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Part of a 5-rider breakaway, Lindeman took the biggest win of his career in the first mountain stage of the Vuelta a Espana; Aru won the GC battle while Froome lost time and Chaves defended the lead

Photo: LottoNL-Jumbo

BERT JAN LINDEMAN

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ESTEBAN CHAVES

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MITCHELTON-SCOTT

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TEAM JUMBO-VISMA

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VUELTA A ESPAÑA

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28.08.2015 @ 18:34 Posted by Emil Axelgaard

Bert-Jan Lindeman became a hugely surprising winner of the first mountain stage of the Vuelta a Espana when he turned out to be the strongest from a five-rider break that exploited a long lull in the peloton to decide the win on the Alto de Capileira. The Dutchman dropped Ilya Koshevoy (Lampre-Merida) and Jerome Cousin (Europcar) inside the final kilometre while Fabio Aru (Astana) rode away from the group of favourites and Chris Froome (Sky) lost 27 seconds to his main rivals. Esteban Chaves (Orica-GreenEDGE) rode strongly to sixth on the stage and defended his lead.

 

Going into the Vuelta a Espana, LottoNL-Jumbo didn’t get much attention. The Dutch team had lost captain Laurens Ten Dam due to a training crash and with a team mostly made up of big guys, they were not given many chances on a very mountainous course.

 

However, the lack of a leader gave some of the domestiques the chance to go for glory. One of them was Bert-Jan Lindeman who immediately showed his intentions. Before today’s first mountain stage, he had already been on the attack twice and today he made it again when five riders got clear in the early part of the stage.

 

Despite being up against renowned climber Amets Txurruka, Lindeman refused to give up. He was dropped a couple of time in the finale but with a steady pace he always made it back to the front before he made a decisive acceleration with 200m to go to take a surprise victory on the Alto de Capileira.

 

Lindeman was joined by Txurruka, Jerome Cousin, Ilya Koshevoy and Carlos Quintero (Colombia) in the five-rider break that escaped after 12km of racing. At one point, they had an advantage of 13.10 as no teams wanted to take control but finally Astana and later Movistar and Katusha upped the pace. Nonetheless, the gap was still 5.50 when they hit the 19km climb.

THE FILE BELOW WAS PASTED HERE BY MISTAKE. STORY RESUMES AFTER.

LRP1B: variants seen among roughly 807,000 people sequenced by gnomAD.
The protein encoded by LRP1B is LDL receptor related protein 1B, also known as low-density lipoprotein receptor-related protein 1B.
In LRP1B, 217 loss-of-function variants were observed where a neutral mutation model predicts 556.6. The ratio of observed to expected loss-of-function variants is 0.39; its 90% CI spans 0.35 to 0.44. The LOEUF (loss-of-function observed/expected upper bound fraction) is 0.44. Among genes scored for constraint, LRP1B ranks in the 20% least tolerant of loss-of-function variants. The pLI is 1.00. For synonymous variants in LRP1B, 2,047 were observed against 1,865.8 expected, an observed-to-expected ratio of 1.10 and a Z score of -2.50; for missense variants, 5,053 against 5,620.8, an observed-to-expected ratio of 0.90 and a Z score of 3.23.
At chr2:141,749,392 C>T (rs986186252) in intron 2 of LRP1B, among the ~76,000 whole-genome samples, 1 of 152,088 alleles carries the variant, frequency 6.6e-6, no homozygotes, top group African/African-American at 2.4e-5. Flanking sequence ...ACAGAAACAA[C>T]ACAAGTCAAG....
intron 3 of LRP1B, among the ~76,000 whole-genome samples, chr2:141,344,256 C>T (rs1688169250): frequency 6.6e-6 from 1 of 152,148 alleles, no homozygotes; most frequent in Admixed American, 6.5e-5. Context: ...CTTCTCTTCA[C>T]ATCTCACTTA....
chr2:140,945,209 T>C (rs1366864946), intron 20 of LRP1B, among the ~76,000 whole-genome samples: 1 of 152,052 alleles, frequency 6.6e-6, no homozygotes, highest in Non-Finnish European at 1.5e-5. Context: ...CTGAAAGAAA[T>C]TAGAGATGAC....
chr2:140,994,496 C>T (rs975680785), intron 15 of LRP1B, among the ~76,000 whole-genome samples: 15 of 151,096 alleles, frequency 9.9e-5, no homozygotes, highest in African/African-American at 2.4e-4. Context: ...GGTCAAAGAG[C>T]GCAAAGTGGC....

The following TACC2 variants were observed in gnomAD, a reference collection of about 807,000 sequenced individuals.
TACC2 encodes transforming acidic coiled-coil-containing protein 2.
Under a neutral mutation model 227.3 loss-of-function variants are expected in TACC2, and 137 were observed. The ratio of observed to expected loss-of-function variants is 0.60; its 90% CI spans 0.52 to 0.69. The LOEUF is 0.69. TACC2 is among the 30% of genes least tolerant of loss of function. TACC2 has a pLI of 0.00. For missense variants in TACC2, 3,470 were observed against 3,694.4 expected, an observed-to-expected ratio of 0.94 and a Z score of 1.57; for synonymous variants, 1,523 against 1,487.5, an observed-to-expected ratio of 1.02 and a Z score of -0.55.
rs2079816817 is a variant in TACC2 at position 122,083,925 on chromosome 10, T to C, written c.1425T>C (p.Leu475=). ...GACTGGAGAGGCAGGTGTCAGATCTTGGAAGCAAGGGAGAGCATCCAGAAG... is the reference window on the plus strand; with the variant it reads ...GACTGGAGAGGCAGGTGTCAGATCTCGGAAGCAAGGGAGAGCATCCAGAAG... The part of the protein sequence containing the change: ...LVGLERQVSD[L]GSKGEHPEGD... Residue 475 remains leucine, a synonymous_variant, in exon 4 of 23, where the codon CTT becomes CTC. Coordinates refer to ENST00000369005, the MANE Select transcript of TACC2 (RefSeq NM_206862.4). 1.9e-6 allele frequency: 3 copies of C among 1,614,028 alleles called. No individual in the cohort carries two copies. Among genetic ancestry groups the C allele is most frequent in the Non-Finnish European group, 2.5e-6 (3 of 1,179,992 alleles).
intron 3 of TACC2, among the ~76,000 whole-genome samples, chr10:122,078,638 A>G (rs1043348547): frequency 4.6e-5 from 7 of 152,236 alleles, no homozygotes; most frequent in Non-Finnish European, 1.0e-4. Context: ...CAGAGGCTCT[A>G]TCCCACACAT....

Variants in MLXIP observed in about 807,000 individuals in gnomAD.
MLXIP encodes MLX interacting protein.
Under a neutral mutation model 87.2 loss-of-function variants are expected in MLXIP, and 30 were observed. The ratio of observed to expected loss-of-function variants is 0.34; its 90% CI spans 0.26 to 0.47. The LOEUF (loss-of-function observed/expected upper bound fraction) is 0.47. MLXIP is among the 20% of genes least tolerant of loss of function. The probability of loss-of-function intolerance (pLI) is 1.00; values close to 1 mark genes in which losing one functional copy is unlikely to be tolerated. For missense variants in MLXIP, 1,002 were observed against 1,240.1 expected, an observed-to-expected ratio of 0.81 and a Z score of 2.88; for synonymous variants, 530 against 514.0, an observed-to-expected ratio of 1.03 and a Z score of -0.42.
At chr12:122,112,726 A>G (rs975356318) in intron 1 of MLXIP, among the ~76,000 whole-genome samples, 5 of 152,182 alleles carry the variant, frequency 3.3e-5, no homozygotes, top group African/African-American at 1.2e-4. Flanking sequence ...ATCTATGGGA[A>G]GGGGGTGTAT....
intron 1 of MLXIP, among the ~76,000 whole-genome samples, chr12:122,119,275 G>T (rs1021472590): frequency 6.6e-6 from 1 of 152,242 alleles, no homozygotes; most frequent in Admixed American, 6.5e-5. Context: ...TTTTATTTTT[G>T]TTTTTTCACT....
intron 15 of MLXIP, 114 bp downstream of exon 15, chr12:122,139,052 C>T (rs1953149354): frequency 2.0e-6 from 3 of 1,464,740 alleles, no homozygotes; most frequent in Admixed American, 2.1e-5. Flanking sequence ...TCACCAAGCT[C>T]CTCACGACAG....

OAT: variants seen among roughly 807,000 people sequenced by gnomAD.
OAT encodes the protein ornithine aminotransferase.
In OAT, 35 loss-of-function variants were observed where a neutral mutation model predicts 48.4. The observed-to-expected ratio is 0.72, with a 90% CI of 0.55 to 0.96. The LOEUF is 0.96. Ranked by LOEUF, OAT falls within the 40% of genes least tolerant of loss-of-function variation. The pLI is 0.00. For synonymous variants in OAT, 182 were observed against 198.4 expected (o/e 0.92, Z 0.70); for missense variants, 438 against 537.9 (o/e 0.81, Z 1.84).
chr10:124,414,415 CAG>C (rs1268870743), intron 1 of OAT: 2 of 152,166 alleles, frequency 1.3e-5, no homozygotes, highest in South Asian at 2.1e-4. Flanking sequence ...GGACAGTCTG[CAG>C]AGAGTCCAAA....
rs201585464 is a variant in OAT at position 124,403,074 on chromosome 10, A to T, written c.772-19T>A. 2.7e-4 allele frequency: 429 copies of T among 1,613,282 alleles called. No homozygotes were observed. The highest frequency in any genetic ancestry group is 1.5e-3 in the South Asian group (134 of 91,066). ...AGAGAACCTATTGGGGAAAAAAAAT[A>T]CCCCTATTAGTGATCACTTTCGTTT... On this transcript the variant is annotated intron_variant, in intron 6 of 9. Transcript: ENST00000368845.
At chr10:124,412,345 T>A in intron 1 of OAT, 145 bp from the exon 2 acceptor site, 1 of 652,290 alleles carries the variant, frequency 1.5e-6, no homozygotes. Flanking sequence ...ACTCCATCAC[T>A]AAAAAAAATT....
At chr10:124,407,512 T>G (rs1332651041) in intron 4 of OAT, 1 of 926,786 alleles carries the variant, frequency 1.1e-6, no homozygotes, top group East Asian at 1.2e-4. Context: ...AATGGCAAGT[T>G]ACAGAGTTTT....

The climb was split in two parts with a flat middle section and the escapees worked well together in the first part while Movistar were chasing behind. It was Francisco Ventoso and Imanol Erviti who did the early work but quickly it was left to Jose Joaquin Rojas to lead the exploding group.

 

Very quickly, only 50 riders were left in the main group and for a long time nothing really happened as Javier Moreno was just setting a steady pace for Movistar. The gap was slowly coming down and was only 4.20 when the riders entered the final 15km.

 

Moreno brought the gap down to 3.45 before he swung of with 12km to go. Andrey Amador took over but suddenly Alejandro Valverde moved up and asked his teammate to stop his work. Immediately, Luis Leon Sanchez took over for Astana and as Dario Cataldo also came to the fore, the pair wored together to slowly bring the break back.

 

As they hit the second part of the climb, the gap was only 3.00 and the front group was still working together. It changed with 7km to go when Koshevoy made the first move before Cousin gave it a try.

 

Cousin looked like the strongest rider and when he tried again, he got an immediate gap. Txurruka and Lindeman rejoined him while Quintero was dropped for good. A suffering Koshevoy was behind for a while but made it back with 6km to when the gap was only 2.30 and Cataldo had swung off.

 

Surprisingly, Koshevoy was the next to attack and he got an immediate gap. He was back by Txurruka but when he went again, he got clear.

 

Meanwhile, Sanchez swung off in the peloton and left it to his teammate Diego Rosa to lead the 40-rider group. However, the gap was no longer coming down as Koshevoy was riding strongly on the front.

 

Cousin managed to rejoin the Belarusian and this meant that the pace went down as there was no cooperation. This allowed Lindeman to rejoin the group which was 2.10 ahead with 3km to go. Meanwhile, Rosa had swung off and it was now Giovanni Visconti setting the pace for Movistar

 

Cousin was the next to give it a try and he seemed to ride away with the stage win when he got a small gap. However, Lindeman managed to accelerate back to the Frenchman, dropping Koshevoy in the process.

 

Cousin tried to get rid of Lindeman but it was impossible and so the front trio came back together as they passed the flamme rouge. Here the game of cat and mouse started and this was costly for Cousin. While looking back he hit Koshevoy’s wheel and so hit the ground, leaving just two riders to decide the stage.